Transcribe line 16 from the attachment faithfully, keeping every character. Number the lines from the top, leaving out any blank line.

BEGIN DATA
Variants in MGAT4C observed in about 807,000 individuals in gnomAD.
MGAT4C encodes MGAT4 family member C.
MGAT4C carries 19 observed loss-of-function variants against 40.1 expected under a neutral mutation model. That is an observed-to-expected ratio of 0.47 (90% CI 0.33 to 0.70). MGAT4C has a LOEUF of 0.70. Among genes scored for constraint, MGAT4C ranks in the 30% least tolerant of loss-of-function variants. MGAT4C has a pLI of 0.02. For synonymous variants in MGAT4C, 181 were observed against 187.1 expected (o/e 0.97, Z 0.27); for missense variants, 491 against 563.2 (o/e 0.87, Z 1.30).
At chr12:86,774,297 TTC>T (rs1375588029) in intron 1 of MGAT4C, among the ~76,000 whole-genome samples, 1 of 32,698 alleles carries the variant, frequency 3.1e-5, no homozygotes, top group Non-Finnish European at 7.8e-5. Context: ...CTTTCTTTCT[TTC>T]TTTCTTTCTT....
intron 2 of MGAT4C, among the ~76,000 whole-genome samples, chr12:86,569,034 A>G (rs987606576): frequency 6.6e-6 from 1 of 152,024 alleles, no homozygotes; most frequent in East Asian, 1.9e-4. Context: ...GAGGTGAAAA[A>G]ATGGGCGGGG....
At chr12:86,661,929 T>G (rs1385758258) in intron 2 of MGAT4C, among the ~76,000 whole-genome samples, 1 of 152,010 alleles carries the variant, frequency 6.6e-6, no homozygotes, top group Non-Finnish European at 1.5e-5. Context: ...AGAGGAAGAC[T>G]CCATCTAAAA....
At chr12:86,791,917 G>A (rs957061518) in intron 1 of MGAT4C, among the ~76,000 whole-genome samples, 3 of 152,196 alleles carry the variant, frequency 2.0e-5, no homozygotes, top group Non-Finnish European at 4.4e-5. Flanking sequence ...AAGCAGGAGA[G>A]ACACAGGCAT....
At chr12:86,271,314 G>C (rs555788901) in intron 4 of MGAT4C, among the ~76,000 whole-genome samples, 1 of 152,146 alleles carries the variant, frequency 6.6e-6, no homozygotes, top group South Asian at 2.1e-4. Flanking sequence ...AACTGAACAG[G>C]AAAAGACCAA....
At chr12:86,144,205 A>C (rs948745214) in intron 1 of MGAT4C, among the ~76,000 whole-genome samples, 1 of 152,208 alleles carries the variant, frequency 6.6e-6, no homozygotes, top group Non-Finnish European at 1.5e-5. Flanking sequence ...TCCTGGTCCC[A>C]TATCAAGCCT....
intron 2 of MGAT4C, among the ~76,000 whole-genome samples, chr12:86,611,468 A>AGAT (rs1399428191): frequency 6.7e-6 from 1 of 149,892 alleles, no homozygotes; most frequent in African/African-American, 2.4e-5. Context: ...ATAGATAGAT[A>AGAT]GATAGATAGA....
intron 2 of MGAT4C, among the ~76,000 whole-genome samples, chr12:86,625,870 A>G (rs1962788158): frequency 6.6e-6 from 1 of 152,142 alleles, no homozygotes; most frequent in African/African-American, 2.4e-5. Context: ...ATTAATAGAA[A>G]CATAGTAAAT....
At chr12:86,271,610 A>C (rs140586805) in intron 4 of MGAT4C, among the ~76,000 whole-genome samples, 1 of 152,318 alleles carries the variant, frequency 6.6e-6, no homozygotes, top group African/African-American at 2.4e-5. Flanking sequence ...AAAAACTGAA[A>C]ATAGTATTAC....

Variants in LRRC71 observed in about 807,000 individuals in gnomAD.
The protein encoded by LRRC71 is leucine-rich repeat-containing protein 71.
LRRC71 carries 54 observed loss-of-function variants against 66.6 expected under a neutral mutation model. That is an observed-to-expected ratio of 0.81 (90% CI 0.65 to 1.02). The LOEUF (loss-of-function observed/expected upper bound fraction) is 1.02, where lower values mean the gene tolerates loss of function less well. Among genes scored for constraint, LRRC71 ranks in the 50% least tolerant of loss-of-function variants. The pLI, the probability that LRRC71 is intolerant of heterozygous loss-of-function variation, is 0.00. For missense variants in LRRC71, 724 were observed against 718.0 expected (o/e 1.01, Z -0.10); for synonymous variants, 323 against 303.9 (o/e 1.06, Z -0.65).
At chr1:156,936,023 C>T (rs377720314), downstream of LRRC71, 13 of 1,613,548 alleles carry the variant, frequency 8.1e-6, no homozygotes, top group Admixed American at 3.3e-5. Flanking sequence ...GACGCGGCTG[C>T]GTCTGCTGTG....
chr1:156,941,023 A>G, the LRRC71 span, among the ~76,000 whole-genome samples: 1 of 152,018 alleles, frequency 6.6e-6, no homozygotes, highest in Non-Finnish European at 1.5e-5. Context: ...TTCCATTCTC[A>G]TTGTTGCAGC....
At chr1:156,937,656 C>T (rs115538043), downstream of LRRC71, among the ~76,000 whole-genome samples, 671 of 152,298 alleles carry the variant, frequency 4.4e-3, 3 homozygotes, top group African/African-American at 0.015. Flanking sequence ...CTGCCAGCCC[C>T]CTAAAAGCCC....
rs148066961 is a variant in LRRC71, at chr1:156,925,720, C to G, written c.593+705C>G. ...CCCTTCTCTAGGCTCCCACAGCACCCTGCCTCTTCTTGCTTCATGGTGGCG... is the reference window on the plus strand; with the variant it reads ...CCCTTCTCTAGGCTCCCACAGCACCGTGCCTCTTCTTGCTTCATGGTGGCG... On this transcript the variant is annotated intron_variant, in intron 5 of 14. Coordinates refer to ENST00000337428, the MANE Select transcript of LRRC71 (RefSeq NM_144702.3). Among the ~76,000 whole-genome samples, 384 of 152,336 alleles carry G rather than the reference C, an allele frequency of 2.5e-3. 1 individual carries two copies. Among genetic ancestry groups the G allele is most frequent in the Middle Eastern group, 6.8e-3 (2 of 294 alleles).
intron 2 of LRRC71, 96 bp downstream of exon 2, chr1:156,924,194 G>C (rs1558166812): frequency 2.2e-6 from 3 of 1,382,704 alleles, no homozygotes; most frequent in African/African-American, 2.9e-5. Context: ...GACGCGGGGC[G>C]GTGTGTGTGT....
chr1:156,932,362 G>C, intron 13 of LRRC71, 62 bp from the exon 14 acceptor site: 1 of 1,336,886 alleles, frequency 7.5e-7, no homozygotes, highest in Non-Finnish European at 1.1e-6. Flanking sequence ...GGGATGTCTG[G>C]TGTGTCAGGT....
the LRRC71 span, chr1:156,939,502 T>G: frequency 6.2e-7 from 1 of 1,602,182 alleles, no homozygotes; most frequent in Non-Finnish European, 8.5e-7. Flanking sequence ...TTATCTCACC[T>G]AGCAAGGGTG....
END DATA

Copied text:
At chr1:156,936,023 C>T (rs377720314), downstream of LRRC71, 13 of 1,613,548 alleles carry the variant, frequency 8.1e-6, no homozygotes, top group Admixed American at 3.3e-5. Flanking sequence ...GACGCGGCTG[C>T]GTCTGCTGTG....